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Pet Care Blog

By Murray Bridge Vet Clinic on Saturday, 4 July 2020 2:05 PM
  Brrrr – it’s cold out here! Winter seems to be settling in just nicely doesn’t it? But it’s that lovely time of year where we get all rugged up and crank the fire (or heater) up at home. It’s also the time to make sure we keep a close eye on our senior pets too. All pets, no matter their age, need to be kept warm during the colder months, but it’s our ‘senior citz’ pets that need the extra warmth and care. In previous blogs we’ve touched base on what we, as pet parents, should be doing to make sure we are doing everything to look after our senior pets (you can click here to read last year’s blog in case you missed it). This year’s Senior Pet blog is going to have more of a focus on Canine Cognitive Dysfunction (CCD), which is just the fancy name for Doggie Dementia.

“Dog’s get dementia?” We hear you ask – there simple answer is yes!...
By Murray Bridge Vet Clinic on Thursday, 2 July 2020 2:03 PM
Monthly Behaviour Tip

Dog Dementia

Similar to humans, as your dog ages, you may notice subtle changes in his/her behaviour. The more you know about how your dog ages, the better care you can provide..

Dog dementia (Canine Cognitive Dysfunction Syndrome) commonly presents around 11 years of age, with signs of confusion, anxiety, listlessness, and other neurological-based problems. If you notice any of these signs in your dog, there are ways to help him/her feel more comfortable and delay symptoms worsening. One of the best ways is to provide him/her with mental stimulation, such as food puzzles, simple low stress training, and low-impact exercise, on a daily basis, to help engage your dog’s mind.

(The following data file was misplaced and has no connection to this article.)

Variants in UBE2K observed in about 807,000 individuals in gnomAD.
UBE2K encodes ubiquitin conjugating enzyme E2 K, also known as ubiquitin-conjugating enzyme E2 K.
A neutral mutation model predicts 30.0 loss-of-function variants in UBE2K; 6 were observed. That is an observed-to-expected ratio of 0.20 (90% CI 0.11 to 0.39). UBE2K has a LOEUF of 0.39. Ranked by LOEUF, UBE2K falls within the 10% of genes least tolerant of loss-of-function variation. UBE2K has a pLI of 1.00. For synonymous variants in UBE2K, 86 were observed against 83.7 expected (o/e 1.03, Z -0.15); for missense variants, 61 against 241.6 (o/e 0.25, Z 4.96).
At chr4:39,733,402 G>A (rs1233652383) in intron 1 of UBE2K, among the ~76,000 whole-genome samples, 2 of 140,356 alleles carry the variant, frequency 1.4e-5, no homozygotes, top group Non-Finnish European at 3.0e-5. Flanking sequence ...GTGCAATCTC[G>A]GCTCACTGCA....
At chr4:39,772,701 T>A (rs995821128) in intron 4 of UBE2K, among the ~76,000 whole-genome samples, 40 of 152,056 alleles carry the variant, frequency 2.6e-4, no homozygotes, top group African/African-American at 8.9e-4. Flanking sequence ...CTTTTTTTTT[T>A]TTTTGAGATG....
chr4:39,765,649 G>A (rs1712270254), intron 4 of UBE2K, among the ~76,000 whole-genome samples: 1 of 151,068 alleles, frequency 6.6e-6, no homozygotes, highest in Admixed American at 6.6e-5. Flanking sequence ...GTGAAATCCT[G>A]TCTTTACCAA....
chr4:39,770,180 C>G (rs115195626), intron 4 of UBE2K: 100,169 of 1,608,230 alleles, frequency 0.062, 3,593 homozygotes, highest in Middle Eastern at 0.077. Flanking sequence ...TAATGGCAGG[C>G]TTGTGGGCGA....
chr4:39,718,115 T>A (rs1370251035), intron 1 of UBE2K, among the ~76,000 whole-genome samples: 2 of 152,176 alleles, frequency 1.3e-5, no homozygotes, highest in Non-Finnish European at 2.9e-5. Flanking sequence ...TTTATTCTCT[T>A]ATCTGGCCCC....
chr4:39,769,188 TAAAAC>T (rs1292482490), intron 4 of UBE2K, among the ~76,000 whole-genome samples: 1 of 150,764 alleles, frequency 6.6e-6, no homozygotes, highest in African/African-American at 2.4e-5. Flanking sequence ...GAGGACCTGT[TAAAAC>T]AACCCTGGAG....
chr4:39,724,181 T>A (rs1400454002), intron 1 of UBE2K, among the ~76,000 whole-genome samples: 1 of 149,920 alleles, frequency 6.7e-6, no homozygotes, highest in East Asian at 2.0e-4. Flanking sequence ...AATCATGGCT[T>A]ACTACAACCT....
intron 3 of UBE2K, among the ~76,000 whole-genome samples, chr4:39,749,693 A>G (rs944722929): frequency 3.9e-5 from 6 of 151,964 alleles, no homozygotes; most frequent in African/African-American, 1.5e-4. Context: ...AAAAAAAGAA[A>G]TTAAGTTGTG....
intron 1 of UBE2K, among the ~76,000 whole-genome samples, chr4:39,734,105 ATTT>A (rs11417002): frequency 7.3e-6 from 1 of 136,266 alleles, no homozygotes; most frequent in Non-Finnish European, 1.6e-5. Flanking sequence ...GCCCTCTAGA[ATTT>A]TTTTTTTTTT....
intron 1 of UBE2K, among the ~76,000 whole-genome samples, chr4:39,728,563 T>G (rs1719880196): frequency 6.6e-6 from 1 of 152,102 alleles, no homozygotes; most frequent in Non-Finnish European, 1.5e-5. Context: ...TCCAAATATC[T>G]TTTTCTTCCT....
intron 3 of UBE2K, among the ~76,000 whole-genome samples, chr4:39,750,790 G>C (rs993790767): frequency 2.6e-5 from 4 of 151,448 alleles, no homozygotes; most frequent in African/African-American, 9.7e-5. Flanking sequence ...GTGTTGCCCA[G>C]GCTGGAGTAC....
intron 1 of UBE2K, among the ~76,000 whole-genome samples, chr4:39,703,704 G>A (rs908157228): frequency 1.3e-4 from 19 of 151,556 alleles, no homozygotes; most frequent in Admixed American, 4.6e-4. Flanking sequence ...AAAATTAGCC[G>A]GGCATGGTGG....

Some specific symptoms call for other methods to help your dog during this time of their life:

Aimless wandering - If your old dog is wandering around the house aimlessly, looking lost or getting ‘stuck’ in a corner for no apparent reason. Help to minimise confusion and anxiety,...

 After Hours & Emergencies  08 8531 4000

Our emergency service offers a veterinarian on call : telephone 0885 314 000 when the clinic is closed to hear a recorded message and directions to speak to a staff member.

Always phone first before rushing to the clinic with an injured animal or other emergency. An additional fee is charged outside normal clinic hours.